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Chad Swiatecki is a 20-year journalist who relocated to Austin from his home state of Michigan in 2008. He most enjoys covering the intersection of arts, business and local/state politics. He has written for Rolling Stone, Spin, New York Daily News, Texas Monthly, Austin American-Statesman and many other regional and national outlets.
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Economic forecast puts focus on transit, housing, jobs for 2017
AngelouEconomics’ annual economic forecast for Austin sees the city’s economy slowing its growth somewhat in 2017 and 2018. But roughly 107,000 new residents in that timespan will add more pressure on the local cost of living and transportation systems.
The forecast from local economist Angelos Angelou gathers data from throughout Austin and Texas as a whole. For the past 30 years, it has become an important bellwether for the business health of the region.
Following the release of the report, which was presented by Angelou’s firm and the Austin Business Journal, the Austin Monitor talked to Mayor Steve Adler and newly elected City Council Member Jimmy Flannigan about their policy priorities for the coming year that relate to the city’s economic health.
Among the findings of the report:
- Austin’s economy is still growing at more than 3 percent per year
- Fluctuations in unemployment rates have been in fractions of a percent, which Angelou called “statistically insignificant.” The rate has mostly stayed under 3 percent recently, creating a tight labor market that makes hiring difficult for businesses
- Austin’s median home price has climbed to $280,000, with the average price at $345,000
- The housing market’s equilibrium point is the creation of 15,000 new units per year, but the city currently averages 13,000 new units per year
- The Austin metro area now exceeds 2 million people and is on pace to reach 4 million by 2040
Following his annual State of the City address on Saturday, Adler told the Monitor that increasing housing supply, preserving workforce housing, adding middle-class jobs and studying possibilities for a long-term, ambitious transit system are among his policy priorities for 2017.
Perhaps the most ambitious of those isn’t directly a city initiative, but rather one that Adler is pushing on the private side. It would ask local real estate and investment experts to create a low-return fund of several hundred million dollars to buy middle-class housing stock and cap rental rates to grow in line with middle-class incomes.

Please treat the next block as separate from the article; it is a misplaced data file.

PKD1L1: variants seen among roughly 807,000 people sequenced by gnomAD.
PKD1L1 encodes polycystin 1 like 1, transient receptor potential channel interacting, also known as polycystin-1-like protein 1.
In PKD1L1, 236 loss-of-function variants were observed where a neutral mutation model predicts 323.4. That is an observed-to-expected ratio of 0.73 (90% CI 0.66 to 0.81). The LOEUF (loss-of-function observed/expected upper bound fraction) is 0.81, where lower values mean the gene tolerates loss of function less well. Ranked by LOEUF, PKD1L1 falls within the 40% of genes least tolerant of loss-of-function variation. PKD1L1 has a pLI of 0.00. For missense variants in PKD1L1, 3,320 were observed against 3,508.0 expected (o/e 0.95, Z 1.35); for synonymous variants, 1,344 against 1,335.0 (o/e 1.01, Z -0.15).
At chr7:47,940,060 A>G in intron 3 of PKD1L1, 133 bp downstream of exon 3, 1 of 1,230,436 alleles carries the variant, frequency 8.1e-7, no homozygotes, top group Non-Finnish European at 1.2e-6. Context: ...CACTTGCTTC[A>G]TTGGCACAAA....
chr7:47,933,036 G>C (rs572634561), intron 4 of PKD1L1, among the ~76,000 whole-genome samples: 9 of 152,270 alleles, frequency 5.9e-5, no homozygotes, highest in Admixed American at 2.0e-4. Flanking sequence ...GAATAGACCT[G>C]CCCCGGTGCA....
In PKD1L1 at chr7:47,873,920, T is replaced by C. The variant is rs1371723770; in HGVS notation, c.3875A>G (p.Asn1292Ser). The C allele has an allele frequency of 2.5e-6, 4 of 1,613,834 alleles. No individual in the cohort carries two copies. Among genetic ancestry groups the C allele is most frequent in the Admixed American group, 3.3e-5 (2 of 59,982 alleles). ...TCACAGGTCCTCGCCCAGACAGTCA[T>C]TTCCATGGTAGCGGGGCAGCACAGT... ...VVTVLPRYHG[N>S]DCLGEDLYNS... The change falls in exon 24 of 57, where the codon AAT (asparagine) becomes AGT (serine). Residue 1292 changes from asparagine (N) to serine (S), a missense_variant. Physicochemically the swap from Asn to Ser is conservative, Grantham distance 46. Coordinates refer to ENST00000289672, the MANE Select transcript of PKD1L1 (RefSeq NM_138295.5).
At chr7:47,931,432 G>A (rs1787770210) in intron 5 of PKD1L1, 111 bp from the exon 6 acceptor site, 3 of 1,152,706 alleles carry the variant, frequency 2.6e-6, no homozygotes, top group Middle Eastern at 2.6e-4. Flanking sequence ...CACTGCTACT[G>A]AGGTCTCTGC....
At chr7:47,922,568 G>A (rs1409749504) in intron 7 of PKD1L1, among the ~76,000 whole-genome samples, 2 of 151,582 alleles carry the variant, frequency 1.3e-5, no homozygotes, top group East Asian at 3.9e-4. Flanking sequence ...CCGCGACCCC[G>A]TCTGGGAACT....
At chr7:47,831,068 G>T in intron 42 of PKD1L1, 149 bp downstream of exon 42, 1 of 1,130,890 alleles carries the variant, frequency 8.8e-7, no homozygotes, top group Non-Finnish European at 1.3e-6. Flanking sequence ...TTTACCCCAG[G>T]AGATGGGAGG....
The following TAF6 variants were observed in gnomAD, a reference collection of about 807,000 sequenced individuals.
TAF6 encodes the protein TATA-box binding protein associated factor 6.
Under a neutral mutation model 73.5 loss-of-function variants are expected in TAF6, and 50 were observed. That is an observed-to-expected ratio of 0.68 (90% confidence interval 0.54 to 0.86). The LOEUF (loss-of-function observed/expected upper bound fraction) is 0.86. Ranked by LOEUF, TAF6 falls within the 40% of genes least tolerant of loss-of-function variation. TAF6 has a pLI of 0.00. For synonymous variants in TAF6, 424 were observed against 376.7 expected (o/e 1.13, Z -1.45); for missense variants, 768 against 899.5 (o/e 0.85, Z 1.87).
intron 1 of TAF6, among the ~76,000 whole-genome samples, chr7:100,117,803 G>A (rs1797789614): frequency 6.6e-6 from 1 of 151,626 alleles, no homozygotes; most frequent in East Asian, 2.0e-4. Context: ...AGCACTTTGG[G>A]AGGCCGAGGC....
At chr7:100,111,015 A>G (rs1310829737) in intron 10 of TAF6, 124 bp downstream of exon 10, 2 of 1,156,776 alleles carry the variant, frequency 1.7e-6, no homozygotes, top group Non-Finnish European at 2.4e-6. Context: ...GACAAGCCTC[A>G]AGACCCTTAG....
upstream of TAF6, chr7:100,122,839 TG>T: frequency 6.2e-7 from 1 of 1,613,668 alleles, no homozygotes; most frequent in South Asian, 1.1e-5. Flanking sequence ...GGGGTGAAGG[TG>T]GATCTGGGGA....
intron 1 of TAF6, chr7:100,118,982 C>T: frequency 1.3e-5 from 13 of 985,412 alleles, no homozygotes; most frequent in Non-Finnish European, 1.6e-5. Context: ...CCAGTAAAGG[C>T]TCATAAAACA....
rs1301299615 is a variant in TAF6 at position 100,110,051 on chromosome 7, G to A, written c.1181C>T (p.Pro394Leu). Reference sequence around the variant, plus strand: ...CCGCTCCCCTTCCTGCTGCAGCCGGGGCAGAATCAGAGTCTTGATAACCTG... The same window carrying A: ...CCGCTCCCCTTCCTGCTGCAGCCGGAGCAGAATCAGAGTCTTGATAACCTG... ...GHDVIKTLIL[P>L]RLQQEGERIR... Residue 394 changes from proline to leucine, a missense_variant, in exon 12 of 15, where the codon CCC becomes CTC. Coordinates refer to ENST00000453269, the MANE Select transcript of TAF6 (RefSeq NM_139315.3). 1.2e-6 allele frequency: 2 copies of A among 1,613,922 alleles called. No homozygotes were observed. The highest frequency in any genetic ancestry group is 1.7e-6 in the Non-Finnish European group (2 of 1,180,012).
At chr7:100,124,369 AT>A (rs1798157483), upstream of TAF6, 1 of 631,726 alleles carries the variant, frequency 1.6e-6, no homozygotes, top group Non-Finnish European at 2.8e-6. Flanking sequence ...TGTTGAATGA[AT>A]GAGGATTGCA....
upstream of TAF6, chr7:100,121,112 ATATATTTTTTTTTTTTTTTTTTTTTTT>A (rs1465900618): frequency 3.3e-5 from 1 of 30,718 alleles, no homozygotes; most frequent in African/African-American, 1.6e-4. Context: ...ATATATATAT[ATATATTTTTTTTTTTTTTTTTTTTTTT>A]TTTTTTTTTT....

Adler said he sees that effort as the best solution to keep the estimated 45,000 units of workforce housing located along transit corridors from being purchased and remodeled for much higher price points.
“If we don’t do something, the forecasts are that in the next 10 years we’ll lose all of that housing for the middle class,” he said, adding that the forecasts for such a fund are that it would generate a 6 to 7 percent return. The attraction, he said, would be the stability of the investment and the pride of keeping Austin a livable city much like the way U.S. savings bonds are marketed as a way to support the U.S.
Adler said continued work to improve the city’s permitting process, which Angelou estimates adds $10,000 to the price of every housing unit, will help to make it easier to add housing stock. And the eventual adoption of CodeNEXT in early 2018 will make it simpler to focus new housing in dense clusters located near transit corridors.
While touting the work that will be completed with last year’s passage of a $720 million bond for some transportation projects – and the skilled labor training programs that could be tied into it – Adler said City Council will work this year on a “regional strategic mobility plan” that will eventually lead to an ambitious region-wide transit plan that could include rail.
“There has to be something more ambitious coming up,” he said. “Or else when we go from 2 million to 4 million in the metro area, our rods and streets are going to fail.”
Transit was one of the biggest concerns for Flannigan, who said the city needs to add capacity to the often-full MetroRail line that runs through his district and direct new development toward vacant land near that and other obvious future transportation corridors.
“(The Red Line) is surrounded by empty land in spots that could be centers for people to live,” he said. “The city has done plans in Plaza Saltillo and along MLK (Boulevard) for people who will never get on the train. As we achieve the housing stock we need, some of it needs to be by the train stations in District 6.”
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